Fraud risk during COVID-19

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We are all adapting to new ways of working and, maybe, to new opportunities in these difficult times. Sadly, criminals are doing so too; just like your charity or a business might change a product or service to adapt, so crooks are taking advantage of some new vulnerabilities. We have to be vigilant.

Good practices around financial procedures and online safety are more critical than ever. The other big weapon against fraud is awareness – making sure that you and your people are aware of the threats and know how to avoid them.

Some scams manipulate innocent victims, for example by urging people to invest and “take advantage of the downturn”. Others impersonate well-known services to get people to part with cash and information – criminals are even claiming to be from NHS Test and Trace to trick people into divulging personal or business details. In fact, there are hundreds of variations of dozens of scam types.

MD Katy Worobec from UK Finance was quoted as saying that during the pandemic criminals have used “sophisticated methods to callously exploit financial concerns, impersonating trusted organisations like the NHS or HMRC, to trick (people) into giving away money or information.”

Here are some examples of the frauds and scams we are facing:

Covid-19 support scams

Criminals send fake government emails designed to look like they are from departments offering grants, containing links which steal personal and financial information; they may offer ‘Covid-19 relief funds’ encouraging victims to fill in a faked online form. Official-looking emails offering ‘tax reductions’ have been used, linked to a fake government website which again mines personal and financial information. As well as organisations, fraudsters are also preying on benefit recipients, offering to help apply for Universal Credit and payments as an advance for their ‘services’.

Health scams

One of the most ruthless scams has involved using the NHS Test and Trace service, preying on an anxious public by sending phishing emails and links claiming the recipient has been in contact with Covid-19. These lead to fake websites that steal personal and financial information or infect devices with malware. Victims are also being targeted by fake adverts for products such as sanitizer and face masks which simply do not exist, as well as fake testing kits, supposed cures for the virus, and counterfeit goods which in some cases have proved to be dangerous (for example the sale of sanitiser made from ingredients deemed unsafe for human use).

Lockdown scams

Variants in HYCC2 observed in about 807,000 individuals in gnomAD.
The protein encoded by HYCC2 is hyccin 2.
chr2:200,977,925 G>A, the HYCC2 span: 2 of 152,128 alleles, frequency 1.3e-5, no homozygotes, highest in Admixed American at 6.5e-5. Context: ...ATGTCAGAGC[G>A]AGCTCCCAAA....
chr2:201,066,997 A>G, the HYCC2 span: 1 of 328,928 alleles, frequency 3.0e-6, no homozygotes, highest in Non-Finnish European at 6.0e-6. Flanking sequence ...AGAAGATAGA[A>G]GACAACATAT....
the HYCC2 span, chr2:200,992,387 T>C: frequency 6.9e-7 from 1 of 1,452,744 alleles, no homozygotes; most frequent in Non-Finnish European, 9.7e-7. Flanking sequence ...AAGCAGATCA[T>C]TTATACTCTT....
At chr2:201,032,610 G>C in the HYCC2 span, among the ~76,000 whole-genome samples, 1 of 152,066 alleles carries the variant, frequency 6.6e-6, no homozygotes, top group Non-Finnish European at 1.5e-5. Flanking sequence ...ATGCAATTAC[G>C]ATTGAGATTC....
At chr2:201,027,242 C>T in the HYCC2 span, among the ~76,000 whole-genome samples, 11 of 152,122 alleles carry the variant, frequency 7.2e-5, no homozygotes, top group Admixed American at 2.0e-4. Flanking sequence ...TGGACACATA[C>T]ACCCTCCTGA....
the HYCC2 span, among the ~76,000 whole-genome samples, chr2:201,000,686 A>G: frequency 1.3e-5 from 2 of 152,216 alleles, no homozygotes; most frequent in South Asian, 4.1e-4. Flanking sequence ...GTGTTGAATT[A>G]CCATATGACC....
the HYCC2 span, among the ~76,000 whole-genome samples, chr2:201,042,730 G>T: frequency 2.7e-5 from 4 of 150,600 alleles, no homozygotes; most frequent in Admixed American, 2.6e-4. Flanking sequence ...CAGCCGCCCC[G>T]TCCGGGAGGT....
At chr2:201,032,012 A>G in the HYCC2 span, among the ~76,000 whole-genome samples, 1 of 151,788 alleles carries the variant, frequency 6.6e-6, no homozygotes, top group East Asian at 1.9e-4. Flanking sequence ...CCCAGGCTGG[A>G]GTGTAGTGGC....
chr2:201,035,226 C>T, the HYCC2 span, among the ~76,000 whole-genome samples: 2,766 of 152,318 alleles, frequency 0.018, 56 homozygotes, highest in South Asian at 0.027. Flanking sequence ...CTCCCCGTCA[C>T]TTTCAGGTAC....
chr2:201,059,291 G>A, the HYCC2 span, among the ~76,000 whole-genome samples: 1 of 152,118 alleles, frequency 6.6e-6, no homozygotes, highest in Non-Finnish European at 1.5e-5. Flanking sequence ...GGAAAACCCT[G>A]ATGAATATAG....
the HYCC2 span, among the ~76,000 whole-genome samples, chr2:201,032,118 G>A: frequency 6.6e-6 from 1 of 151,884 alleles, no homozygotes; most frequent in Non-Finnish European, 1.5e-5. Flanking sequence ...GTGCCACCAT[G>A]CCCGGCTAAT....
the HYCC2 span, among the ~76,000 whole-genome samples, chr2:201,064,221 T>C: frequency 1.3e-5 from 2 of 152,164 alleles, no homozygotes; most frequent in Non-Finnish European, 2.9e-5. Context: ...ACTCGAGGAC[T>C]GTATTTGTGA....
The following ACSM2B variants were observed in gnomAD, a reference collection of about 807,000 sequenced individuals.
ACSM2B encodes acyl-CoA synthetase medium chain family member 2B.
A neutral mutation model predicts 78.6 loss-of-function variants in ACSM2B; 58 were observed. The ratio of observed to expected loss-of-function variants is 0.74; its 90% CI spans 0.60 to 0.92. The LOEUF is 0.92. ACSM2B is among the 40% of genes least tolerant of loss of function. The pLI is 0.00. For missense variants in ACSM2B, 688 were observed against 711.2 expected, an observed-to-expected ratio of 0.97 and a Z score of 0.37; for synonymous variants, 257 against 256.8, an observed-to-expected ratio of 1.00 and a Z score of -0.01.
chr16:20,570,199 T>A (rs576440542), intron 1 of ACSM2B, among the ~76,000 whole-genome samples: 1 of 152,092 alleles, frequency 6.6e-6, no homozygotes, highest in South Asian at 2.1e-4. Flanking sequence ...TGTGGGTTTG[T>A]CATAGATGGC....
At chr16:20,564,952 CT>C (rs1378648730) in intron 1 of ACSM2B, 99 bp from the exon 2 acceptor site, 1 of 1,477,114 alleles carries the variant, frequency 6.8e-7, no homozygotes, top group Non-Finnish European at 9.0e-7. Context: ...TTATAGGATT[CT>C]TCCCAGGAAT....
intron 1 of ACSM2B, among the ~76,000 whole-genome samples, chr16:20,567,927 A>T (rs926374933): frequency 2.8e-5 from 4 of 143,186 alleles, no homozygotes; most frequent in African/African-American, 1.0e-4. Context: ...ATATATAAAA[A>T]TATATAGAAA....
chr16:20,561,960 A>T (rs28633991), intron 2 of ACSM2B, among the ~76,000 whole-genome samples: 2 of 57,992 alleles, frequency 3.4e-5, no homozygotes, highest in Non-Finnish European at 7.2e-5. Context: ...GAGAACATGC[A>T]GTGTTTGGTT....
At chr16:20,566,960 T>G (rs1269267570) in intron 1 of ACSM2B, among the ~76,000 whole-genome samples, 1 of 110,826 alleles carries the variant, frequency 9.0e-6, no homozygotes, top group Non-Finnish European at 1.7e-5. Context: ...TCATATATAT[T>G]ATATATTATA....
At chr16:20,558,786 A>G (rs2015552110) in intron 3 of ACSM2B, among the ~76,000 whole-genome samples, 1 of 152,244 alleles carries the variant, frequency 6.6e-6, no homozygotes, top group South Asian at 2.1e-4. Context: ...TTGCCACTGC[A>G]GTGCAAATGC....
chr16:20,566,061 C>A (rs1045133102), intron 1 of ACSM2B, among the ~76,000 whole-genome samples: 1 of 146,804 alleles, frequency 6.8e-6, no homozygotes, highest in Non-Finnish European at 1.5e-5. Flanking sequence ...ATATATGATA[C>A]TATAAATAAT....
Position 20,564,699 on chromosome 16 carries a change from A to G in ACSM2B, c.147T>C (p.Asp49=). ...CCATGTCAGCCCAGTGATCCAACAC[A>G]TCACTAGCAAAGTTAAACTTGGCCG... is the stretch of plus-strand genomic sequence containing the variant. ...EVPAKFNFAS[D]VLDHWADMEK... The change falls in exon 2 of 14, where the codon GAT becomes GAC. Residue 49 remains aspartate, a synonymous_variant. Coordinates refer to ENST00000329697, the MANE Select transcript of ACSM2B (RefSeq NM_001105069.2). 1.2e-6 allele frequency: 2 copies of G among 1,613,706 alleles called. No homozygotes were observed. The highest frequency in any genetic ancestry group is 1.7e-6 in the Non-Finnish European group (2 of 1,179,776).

Fake messages claim to be from well-known organisations, for example from TV Licensing telling people they can claim free TV licensing because of the pandemic. Again, these lead to fake websites used to steal personal information. Amid increased use of online TV services, customers have been sent convincing emails telling them to update payment details using a link which steals credit card details, including CVV codes. Fraudsters are similarly exploiting subscribers to dating websites, who may also be misled by fake profiles on social media sites used to manipulate people into making payments. Often criminals will steal and use real identities to strike up relationships with their targets.

Other scams involve fake investment opportunities; phone calls, emails and adverts on social media encourage unsuspecting victims to put money into investment companies using very convincing fake websites.

Add to all this things like fake websites set up to process holiday refunds, false collections for a COVID-19 vaccine programme or for charities struggling ‘at this difficult time’, and much more. There is much to be wary of.

Business scams

If you are running a charity or business, there are others to be aware of. These are known to succeed in times of change and uncertainty and include:

  • government grant/tax refund scams which feign urgency and gather information then used for financial fraud.
  • invoice fraud, for example the presentation of false invoices, or contact by someone claiming to be from a supplier, asking you to change outgoing payment details.
  • impersonation fraud, where an employee receives a false email ostensibly from a senior manager, insisting on urgent payment or grant to a new account, perhaps Covid-19 related. A message from a spoofed staff email account can appear totally genuine!
  • IT Support scams; with people working remotely and IT systems under pressure, criminals impersonate support companies by phone or email, ask for remote access or passwords and, if they succeed, access valuable information.

Be wary of things like unknown URLs and email addresses, requests for PINs or passwords, impressions of urgency, heavy discounts or cheap products, spelling and grammar mistakes, donations with catches and conditions, and inconsistencies in any story given. With so many of us working and living differently, fraudsters posing as banks, police officers, government staff, donors and service providers have become more believable. Once they have a set of personal details crooks will go on to try accessing bank accounts and other online services, borrow or buy in your name, make benefit claims, and defraud others.

Personal and business (or charity) information is like the key to your home or premises, take every precaution to protect them.

Be aware, stay safe.

External link: www.actionfraud.police.uk